On a semi-related note, I really wish they would have called it something other than "Systems Analysis." But, they didnt ask me..



(chuckle)

Speaking as a former teacher, i would love to know when the "typical sick season" is. Kids are sick year around.


That.. is a solid point!

I was thinking more in terms of "flu season." Im just not the biggest fan of calling it such, as it tends to be when a lot of stuff starts flying around.

I suspect that if folks get used to the idea that lockdowns are "The Way" to handle outbreaks.. We might be looking at a slow degradation (specifically over generations) of immune strength in our society. If thats the path we are going to go down (I do not approve, but Im just me), it might be prudent to start looking at ways to avoid disruptions as much as possible. Id say thats one of my biggest concerns of a lot of this; forming habits/expectations that may be extraordinarily detrimental in 50-100 years.



This is only the first of many pandemics to come.


Oh yes, we absolutely agree there. I mean, pandemics are quite common throughout history. But, with everything from modern travel to decreasing overall health.. Its a big concern. Thats why my mind goes where it does: What can we do now to lessen the impact later, specifically over generations?

Even just in the past 20 years, we have been quite "lucky" in the west. There have been some very nasty outbreaks, from Ebola to H5N1. I am concerned that things like widespread, broad spectrum vaccination problems, massive antiobiotic use, and even excessive disinfecting may end up exacerbating this into extremely destructive events.



(wry smile) To quote the "Tears in the Rain" speech from Blade Runner: I've seen things you people wouldn't believe. Attack ships on fire off the shoulder of Orion. I watched C-beams glitter in the dark near the Tannhäuser Gate. All those moments will be lost in time, like tears in rain The things I've seen weren't cured by diet, exercise, and meditation. It took a lot of changes in foods, food supply, culture, and society as well as a lot of changes in our laws and a boatload of science (plus positive attitude toward science) to make us a healthier nation; not just one or two things.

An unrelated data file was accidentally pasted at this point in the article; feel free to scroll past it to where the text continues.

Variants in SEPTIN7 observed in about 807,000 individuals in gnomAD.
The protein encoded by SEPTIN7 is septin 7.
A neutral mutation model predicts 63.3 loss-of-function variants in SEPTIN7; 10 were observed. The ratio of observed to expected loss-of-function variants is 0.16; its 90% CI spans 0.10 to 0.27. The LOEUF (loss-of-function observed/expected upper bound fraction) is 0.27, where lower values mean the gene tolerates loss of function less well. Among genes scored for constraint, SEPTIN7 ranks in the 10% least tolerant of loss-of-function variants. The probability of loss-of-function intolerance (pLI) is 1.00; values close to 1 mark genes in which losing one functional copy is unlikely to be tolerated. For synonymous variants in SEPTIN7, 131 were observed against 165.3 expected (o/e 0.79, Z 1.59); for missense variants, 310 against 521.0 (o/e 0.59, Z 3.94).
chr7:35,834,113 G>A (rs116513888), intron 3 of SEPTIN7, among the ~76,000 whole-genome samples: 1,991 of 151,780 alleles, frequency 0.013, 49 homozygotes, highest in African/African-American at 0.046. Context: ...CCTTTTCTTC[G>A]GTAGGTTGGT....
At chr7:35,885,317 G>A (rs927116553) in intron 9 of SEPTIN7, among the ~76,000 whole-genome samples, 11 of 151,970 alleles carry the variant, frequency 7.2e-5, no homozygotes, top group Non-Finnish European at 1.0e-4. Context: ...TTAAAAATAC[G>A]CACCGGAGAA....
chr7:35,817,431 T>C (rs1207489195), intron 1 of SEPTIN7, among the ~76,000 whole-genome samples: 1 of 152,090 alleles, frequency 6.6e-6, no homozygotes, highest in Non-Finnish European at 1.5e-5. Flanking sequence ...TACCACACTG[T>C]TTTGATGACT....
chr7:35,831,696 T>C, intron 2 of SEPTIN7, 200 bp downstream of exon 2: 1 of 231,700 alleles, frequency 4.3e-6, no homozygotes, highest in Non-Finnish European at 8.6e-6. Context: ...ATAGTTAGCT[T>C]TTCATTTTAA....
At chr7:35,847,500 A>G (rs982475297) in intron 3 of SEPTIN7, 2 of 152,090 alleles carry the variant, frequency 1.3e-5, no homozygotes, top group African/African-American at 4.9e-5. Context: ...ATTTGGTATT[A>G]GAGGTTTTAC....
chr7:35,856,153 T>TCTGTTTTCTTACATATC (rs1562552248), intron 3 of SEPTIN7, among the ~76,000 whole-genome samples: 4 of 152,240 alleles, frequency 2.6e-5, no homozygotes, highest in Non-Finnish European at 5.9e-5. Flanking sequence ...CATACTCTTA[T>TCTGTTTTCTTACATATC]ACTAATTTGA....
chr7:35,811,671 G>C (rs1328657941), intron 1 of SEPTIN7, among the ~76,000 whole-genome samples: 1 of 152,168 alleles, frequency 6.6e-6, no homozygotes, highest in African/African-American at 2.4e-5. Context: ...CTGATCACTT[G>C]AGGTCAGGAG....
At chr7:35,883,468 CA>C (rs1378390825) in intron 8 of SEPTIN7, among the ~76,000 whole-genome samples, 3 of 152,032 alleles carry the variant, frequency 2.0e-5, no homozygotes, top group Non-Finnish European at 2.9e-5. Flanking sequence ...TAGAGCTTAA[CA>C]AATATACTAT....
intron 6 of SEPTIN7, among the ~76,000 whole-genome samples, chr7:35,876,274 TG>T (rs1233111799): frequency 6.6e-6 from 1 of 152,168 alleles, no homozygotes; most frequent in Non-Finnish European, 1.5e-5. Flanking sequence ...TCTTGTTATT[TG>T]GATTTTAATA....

We live in a very, very complicated world. Don't be fooled into thinking there are simple answers.


Oh, absolutely. Each is one piece in a much larger puzzle.

The goal in systems analysis, at least my take on the modern subject, is to find how these things all relate.

If that can be simplified into a predictable form, then the rest starts to fall into place. Thats basically where my own work resides.

I redesigned all of the tech in a "home" from the ground up (Im goin somewhere here
). Many different, seemingly disparate parts that create a whole. Each piece needed to be designed specifically for this purpose, however the software that connected it all was surprisingly simple. Though, admittedly clever. Literally everything in the system not only relied on everything else, it adjusted every piece (in real time) to achieve the most efficient response to changes. With something like the thermostat, it was to keep that temp static through changes, and it could utilize and leverage every other piece in the system to achieve it. A lot of the results were relatively intuitive, but many absolutely were not.

So, in this respect, its more about figuring out the algorithm/learned database access in how many different pieces relate rather than necessarily taking and examining each and every piece. I guess in some respects, it could be called "holistic," but with a very, very strong focus on "how things change," and if that can be simplified & generalized itself (it can!).

Then, it becomes a matter of figuring that process out, rather than every single individual piece. Each piece thats added is simply incorporated into the System. "New" events are the same.

Might seem off topic to some, but even if one thinks such an achievement is impossible, I think its "easy" to see what value that might have in general, with medical apparatus response in specific. Im more than a little biased though